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Pupils will be vaccinated if health department gives order and parents consent, says Angie Motshekga

Basic education minister Angie Motshekga says the vaccine may be given to school children in future. File photo.
Basic education minister Angie Motshekga says the vaccine may be given to school children in future. File photo.
Image: GCIS

The department of basic education will not oppose the vaccination of pupils if the national health department issues that directive, minister Angie Motshekga said at the weekend. 

She said the department would need to get parental consent to facilitate the vaccination process. The minister was giving an update on the department's readiness to reopen schools as SA passes the peak of the third wave. 

“If health says learners must be vaccinated and parents consent, we will work on the logistics. Even with the teachers, we work with mobilising and on the logistics, but it's not in our hands to decide on who gets vaccinated where and when.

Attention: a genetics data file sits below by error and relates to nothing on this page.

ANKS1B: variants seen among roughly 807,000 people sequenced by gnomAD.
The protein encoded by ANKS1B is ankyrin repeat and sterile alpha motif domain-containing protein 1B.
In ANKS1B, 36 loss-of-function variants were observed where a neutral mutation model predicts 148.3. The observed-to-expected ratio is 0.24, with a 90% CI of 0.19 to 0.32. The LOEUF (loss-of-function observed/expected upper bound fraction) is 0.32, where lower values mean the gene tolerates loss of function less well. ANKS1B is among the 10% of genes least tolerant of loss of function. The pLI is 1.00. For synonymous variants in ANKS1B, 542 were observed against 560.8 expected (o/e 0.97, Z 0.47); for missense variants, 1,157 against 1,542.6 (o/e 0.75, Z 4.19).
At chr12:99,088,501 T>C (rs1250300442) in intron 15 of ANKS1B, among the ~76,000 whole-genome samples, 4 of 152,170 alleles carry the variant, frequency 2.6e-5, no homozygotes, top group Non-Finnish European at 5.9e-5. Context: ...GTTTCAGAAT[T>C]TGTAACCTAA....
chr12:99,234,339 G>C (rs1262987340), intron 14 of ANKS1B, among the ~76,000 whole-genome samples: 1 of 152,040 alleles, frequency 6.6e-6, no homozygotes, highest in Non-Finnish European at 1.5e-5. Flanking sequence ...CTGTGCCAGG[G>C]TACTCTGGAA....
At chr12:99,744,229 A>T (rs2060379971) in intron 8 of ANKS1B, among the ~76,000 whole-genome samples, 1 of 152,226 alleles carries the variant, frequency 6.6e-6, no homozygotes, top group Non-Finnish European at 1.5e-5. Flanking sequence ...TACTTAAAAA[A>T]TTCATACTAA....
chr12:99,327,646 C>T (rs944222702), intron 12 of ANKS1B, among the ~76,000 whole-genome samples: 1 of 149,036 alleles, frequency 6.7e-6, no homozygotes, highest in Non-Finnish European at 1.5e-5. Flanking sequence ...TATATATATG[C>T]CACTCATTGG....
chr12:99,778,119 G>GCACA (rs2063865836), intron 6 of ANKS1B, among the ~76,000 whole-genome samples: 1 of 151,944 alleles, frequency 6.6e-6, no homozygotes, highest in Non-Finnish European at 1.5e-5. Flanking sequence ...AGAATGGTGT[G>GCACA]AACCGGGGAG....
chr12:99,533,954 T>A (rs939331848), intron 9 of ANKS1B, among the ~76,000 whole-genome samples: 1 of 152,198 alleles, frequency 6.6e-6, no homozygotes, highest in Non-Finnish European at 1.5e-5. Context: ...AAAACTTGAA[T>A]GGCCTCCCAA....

“I'm aware that other countries are already beginning to consider the vaccination of young people. We will learn from them and see what we do as a country. We will do what we have to do, advised by the interministerial advisory committee,” said the minister.

The World Health Organisation (WHO) says its Strategic Advisory Group of Experts recently concluded that the Pfizer/BionTech vaccine is suitable for use by people aged 12 years and above. It says vaccine trials are ongoing to establish the effectiveness of Covid-19 vaccines on children younger than 12 years. 

The centre for disease control and prevention (CDC) in the US recommends the vaccination of people who are 12 years and older.

It encourages parents to ensure that unvaccinated children up to the age of 12 wear masks in public places. 

Motshekga said pupils have lost about two years of learning since the pandemic started.

“It's very devastating. Last year we lost 75% of teaching time but in terms of learning, it's even worse than the time we lost. If nothing happens drastically, we're going to face a catastrophic future with the generation we have. Schooling is supposed to be 12 years. It's just too much and very dangerous for the future of our country and children,” she said.

Motshekga's briefing preceded the national address by President Cyril Ramaphosa on Sunday evening, who confirmed that schooling would resume on Monday. The president said this should be done under strict safety measures as announced by the minister.